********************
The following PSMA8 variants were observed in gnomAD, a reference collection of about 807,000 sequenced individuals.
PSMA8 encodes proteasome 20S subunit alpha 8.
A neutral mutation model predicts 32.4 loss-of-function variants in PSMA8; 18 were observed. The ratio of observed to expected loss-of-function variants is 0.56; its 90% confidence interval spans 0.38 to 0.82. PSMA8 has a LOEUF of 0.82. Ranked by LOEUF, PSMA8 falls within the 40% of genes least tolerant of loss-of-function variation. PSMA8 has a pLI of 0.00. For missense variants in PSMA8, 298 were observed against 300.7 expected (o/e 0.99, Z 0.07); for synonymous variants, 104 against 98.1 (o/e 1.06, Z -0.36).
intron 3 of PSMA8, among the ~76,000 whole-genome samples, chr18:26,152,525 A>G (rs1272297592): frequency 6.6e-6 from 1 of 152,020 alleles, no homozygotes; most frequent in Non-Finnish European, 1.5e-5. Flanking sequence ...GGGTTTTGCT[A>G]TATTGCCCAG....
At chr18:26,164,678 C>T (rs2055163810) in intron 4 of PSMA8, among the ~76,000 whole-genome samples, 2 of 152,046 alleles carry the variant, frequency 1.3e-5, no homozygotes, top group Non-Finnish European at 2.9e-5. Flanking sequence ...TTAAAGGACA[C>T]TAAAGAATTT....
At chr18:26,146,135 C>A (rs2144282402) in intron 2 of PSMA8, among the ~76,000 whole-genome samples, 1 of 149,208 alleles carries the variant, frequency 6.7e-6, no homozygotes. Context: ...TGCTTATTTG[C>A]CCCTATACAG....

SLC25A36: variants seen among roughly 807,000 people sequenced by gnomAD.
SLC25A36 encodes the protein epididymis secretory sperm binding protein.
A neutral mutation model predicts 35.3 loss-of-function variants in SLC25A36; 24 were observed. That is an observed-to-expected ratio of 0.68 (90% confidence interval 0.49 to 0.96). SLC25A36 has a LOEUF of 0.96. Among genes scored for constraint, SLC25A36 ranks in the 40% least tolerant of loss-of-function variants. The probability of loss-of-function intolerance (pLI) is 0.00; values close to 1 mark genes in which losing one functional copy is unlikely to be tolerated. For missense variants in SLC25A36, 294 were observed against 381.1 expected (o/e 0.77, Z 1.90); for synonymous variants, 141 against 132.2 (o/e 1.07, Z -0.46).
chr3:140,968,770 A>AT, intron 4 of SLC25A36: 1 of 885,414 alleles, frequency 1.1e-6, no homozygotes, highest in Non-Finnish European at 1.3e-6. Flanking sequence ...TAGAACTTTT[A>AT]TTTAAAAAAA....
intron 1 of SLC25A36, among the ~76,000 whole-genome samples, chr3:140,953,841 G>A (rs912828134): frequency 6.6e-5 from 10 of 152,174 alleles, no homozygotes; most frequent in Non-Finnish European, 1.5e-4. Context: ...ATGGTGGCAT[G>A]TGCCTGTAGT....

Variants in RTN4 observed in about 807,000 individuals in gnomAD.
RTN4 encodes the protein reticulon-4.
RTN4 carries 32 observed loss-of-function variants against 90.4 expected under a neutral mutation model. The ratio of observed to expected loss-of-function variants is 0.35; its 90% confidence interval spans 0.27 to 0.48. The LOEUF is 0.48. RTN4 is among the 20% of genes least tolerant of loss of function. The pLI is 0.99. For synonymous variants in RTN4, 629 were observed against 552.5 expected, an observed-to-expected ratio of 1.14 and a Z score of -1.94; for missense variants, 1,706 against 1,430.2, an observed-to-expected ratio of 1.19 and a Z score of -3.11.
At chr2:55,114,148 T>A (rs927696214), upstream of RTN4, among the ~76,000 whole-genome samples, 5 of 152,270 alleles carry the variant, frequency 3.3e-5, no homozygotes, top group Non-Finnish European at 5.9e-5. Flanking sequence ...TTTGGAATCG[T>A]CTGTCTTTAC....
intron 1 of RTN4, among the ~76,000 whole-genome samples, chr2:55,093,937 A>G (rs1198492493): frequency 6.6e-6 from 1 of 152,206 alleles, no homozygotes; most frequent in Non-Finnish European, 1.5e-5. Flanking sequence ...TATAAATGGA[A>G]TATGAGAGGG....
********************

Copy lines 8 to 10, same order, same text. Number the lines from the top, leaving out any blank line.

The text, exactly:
SLC25A36 encodes the protein epididymis secretory sperm binding protein.
A neutral mutation model predicts 35.3 loss-of-function variants in SLC25A36; 24 were observed. That is an observed-to-expected ratio of 0.68 (90% confidence interval 0.49 to 0.96). SLC25A36 has a LOEUF of 0.96. Among genes scored for constraint, SLC25A36 ranks in the 40% least tolerant of loss-of-function variants. The probability of loss-of-function intolerance (pLI) is 0.00; values close to 1 mark genes in which losing one functional copy is unlikely to be tolerated. For missense variants in SLC25A36, 294 were observed against 381.1 expected (o/e 0.77, Z 1.90); for synonymous variants, 141 against 132.2 (o/e 1.07, Z -0.46).
chr3:140,968,770 A>AT, intron 4 of SLC25A36: 1 of 885,414 alleles, frequency 1.1e-6, no homozygotes, highest in Non-Finnish European at 1.3e-6. Flanking sequence ...TAGAACTTTT[A>AT]TTTAAAAAAA....